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Computer viruses, spyware, worms, rootkits, Trojan Horses, and other types of malicious infection all have one thing in common: they do something to your computer or your sensitive information that you don't want them to do. The differences between these types of infection are subtle, and they all fall under the larger category of Viruses and Malware.

Different types of malware act in different ways. Some malware will run in the background and slow down a computer system or secretly record a user's actions or data. Other malware may present itself as legitimate antivirus software, while locking down a computer until a "ransom" fee is paid. Still others have the ability to "mutate", or change what they do and how they spread.

How Does One Get Infected?

There are many ways that a virus might enter your computer:

  • Connecting to a network with an unpatched operating system (any network);
  • Using an unpatched internet browser and going to a web page with malicious code;
  • Use of "always open" applications such as instant messaging;
  • Downloading/installing files from the internet;
  • Opening an infected email attachment;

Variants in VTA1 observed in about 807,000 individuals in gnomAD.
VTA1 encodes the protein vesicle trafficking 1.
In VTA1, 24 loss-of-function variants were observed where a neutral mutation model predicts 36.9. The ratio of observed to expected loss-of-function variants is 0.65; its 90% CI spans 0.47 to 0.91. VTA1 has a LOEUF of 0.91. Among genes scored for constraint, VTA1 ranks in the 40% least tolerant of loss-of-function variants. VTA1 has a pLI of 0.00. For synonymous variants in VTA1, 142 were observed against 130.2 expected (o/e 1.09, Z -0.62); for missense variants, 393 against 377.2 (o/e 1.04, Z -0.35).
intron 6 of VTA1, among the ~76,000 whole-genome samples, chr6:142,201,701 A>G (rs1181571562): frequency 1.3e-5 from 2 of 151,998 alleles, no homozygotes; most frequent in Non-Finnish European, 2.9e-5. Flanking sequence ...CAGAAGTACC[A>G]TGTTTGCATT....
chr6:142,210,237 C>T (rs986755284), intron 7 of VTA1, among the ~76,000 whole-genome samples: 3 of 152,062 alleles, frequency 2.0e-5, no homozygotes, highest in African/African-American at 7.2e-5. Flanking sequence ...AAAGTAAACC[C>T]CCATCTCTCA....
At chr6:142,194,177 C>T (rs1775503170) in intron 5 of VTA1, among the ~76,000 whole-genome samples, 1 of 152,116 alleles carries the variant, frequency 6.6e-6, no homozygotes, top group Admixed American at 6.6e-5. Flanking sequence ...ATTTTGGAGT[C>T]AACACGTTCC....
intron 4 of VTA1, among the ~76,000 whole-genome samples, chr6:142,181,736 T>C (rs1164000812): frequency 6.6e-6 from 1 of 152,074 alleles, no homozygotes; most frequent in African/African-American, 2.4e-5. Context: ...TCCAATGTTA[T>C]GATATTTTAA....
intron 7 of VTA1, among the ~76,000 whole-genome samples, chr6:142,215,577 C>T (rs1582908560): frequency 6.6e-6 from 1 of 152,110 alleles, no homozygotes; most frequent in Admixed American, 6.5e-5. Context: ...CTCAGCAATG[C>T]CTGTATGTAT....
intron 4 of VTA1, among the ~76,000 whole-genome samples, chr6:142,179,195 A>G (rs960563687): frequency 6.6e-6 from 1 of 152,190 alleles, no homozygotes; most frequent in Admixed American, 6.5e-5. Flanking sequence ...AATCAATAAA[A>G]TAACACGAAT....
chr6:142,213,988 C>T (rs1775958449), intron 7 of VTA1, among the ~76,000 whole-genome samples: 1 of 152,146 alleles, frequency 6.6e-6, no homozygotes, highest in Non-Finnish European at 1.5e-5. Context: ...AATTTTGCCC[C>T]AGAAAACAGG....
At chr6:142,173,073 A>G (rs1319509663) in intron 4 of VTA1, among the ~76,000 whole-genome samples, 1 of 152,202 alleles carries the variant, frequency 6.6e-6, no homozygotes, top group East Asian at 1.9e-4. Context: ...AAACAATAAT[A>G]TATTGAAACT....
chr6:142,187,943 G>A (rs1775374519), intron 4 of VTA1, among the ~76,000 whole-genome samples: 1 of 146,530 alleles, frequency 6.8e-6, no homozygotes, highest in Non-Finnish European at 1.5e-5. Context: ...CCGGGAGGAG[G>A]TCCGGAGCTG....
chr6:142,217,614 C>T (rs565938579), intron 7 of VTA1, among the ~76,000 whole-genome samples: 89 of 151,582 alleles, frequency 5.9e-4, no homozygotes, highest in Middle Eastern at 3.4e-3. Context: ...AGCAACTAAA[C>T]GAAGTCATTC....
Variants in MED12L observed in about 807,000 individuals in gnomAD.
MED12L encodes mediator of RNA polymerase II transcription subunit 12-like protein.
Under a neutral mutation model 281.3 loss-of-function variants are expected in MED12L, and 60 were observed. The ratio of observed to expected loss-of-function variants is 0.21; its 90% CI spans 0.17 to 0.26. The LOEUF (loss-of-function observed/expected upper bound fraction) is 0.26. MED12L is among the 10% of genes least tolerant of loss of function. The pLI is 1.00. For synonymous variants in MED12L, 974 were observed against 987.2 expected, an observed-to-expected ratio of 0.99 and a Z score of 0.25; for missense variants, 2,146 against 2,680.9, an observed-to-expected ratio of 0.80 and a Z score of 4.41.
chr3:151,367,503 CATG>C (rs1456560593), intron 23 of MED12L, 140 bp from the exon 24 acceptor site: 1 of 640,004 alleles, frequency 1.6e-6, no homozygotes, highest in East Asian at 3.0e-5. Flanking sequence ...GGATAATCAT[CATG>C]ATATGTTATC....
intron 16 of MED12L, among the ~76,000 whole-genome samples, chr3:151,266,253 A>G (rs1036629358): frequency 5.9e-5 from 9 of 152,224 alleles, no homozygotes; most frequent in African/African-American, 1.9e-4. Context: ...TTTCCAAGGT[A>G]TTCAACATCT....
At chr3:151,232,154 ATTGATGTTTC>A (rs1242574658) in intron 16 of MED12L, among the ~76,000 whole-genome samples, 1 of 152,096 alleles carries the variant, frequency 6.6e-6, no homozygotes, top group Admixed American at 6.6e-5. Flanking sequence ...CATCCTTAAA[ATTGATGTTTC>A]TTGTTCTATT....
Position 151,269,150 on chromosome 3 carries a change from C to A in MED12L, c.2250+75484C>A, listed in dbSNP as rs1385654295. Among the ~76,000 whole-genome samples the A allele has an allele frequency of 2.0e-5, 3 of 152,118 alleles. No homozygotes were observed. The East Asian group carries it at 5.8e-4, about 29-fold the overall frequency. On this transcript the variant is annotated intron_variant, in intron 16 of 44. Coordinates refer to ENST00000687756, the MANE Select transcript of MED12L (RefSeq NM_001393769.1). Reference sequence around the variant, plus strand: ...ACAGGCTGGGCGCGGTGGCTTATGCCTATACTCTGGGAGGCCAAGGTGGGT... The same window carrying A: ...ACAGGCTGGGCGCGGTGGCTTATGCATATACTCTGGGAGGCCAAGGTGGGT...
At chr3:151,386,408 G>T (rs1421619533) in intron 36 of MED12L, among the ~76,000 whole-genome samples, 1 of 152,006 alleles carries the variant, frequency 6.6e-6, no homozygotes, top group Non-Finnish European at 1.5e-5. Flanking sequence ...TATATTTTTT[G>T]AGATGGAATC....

• Using a contaminated USB drive

Simply connecting a computer to the internet (or campus network) puts it at risk of being targeted by malicious viruses and malware. Please be advised that plugging an unpatched, unprotected system into the network will highly increase the probability that the system will become infected with a virus, putting private information or other computer systems at risk.

Unprotected Computers

SPU is not immune to viruses and other malware transmitted via email and the internet. It is imperative that the System Health Requirements are followed for any personal computers brought to campus and connected to the network.

Social Engineering

Many current malware exploits seek to get past security technology defenses by fooling users using a process commonly referred to as Social Engineering. The art of social engineering takes advantage of the inherent trust that humans hold for each other, and the desire to be helpful and liked. Social engineers take advantage of openness and curiosity. No matter how good the technology or strong the security system, a careless user can easily be led to bypass inherent controls or fooled into executing malicious code.

When accessing any resources over the internet:

  • Be cautious and wary, not happy-go-lucky;
  • Think before following links or replying to strange requests via email;
  • Don't ever respond to online solicitations for sensitive and private information;
  • Know what is meant by a security certificate;
  • Ensure confidential accounts and passwords stay confidential.

Through a combination of up-to-date technology and sound user practice and education, our defenses to prevent malware are formidable. Exercising good judgement in this regard could potentially save you and the University considerable resources and headache!